Sometimes Indirect Communication Is the Best Option

December 30, 2013
Home caregivers sometimes must communicate indirectly with loved ones. (Photo courtesy of Ian MacKenzie)

Home caregivers sometimes must communicate indirectly with loved ones. (Photo courtesy of Ian MacKenzie)

All home caregivers go through periods when those they tend to can be a tad uncommunicative. Every relationship is different, and every relationship goes through phases and stages, so for many this is not much of an issue; however, for some home caregivers, such communication issues can present major challenges.

While direct, open communication is often the best policy, there are definitely situations in which an indirect approach may pay off more quickly and may cause less tension. Here are a few situations in which it may pay to try an indirect way of talking about a subject.

  • You know that the subject is likely to be difficult or painful. This often is the case when the subject in question deals with a delicate health situation. For example, perhaps you are aware that Father has experienced a few bouts of urinary incontinence recently, although he has not acknowledged this to you. Rather than bringing the issue up directly, perhaps it’s better to talk about a “friend” who is experiencing this problem. You can then talk about ways that the “friend” went about treating this problem; if Father takes the bait and confesses that he is having troubles in this area, you can communicate more openly. If he doesn’t, you might still have laid the groundwork for him to bring this up with his doctor or have paved the way for yourself to be able to discreetly leave a box of adult incontinence–ready underwear in his room.
  • You’ve already discussed this subject and you know your loved one has definite opinions about it. Perhaps Mom absolutely refuses to get tested for a hearing aid, and that’s all there is to it. Fine. That doesn’t prevent you from talking about how Aunt Loretta is able to enjoy those audiobooks now that she has a hearing aid, or how Miss Sanders’ hearing aid was so well hidden that you couldn’t see a sign of it.
  • You’re wanting to “test the waters” about an idea of which you yourself are unsure. Perhaps you are thinking about the possibility of moving, but it’s really just an idea at the moment. Talk with Grandpa about that friend of his that moved last year and ask how he likes his new place. Ask Grandma if she remembers that trip she made to Florida some years ago and what she thought of the area. You can lead the conversation into topics that let you know a little about how your loved one would feel about a move; this may help to inform your own decision.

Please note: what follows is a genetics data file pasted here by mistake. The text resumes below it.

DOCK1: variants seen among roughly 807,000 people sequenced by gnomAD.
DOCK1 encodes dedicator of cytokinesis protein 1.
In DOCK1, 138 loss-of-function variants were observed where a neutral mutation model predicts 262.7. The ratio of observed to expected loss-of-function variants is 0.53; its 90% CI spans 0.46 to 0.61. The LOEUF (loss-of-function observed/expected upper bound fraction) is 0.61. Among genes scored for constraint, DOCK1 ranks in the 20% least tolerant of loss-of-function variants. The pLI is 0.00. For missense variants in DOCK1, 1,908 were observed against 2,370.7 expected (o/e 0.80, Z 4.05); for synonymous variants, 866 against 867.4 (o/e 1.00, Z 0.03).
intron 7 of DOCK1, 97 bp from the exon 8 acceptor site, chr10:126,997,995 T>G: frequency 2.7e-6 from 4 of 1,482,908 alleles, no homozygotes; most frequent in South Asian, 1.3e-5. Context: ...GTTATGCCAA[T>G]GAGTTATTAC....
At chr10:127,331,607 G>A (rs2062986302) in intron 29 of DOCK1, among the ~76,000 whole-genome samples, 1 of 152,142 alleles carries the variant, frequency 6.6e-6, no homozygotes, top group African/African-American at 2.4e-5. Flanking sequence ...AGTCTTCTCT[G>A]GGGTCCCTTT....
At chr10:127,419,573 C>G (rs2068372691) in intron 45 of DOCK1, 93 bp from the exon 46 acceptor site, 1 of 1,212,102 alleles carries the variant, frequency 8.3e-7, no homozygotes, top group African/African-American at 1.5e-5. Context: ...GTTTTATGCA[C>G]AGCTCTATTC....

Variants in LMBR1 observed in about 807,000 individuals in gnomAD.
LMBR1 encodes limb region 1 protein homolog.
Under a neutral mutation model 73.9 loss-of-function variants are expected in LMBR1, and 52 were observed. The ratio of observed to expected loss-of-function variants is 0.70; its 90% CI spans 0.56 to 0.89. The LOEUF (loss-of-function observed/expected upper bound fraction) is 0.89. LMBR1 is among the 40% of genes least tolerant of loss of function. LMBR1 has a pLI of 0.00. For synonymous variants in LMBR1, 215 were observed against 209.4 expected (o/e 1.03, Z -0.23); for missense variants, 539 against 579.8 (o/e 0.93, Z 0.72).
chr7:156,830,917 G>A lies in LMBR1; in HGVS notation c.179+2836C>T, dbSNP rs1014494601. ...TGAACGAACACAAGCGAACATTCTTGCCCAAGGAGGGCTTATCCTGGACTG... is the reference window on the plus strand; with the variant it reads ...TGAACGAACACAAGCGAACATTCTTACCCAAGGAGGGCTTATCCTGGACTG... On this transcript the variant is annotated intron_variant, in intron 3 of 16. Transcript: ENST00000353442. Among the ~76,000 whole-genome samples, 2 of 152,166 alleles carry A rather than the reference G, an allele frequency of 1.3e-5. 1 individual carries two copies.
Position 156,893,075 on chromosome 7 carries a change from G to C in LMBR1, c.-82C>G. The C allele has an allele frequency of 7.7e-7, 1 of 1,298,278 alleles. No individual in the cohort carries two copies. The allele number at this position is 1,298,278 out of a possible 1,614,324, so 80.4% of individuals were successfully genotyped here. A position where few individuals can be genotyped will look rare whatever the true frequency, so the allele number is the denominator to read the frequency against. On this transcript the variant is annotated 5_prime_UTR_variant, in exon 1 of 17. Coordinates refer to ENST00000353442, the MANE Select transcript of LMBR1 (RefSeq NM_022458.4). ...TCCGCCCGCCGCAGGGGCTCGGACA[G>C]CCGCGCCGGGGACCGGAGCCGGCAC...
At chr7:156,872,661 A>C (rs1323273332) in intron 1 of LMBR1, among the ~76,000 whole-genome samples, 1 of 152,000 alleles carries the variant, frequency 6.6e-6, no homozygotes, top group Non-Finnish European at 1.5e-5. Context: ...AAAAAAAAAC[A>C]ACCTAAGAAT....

• You have some bad news and aren’t sure if you should share it. Perhaps Cousin Lettie has been put in jail for a minor offense. Grandmother has always been very fond of Lettie: is this information she should have, or will it upset her? Perhaps broach the subject by talking about her friend Laura, whose granddaughter was caught shoplifting. By steering the conversation this way, you can find out whether your own grandmother would want to hear this kind of news.

Home caregivers often must tread a careful line between not providing enough information and providing too much information; judiciously using indirect communication can help.

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Writer, Craig Butler

Craig Butler has been writing on a wide range of topics for more than fifteen years. As the National Communications Director for the Cooley's Anemia Foundation, Craig regularly writes on a range of health and medical topics. Among the many projects he has written for the Foundation is the Cooley's Anemia Storybook, a collection of original short stories for children with the blood disorder Cooley's Anemia. His freelance work has ranged from reviewing moves and CDs to creating entertainment-related stories about baldness, to creating text for comic strips. Craig looks forward to having a dialogue with you about senior care and issues of concern.

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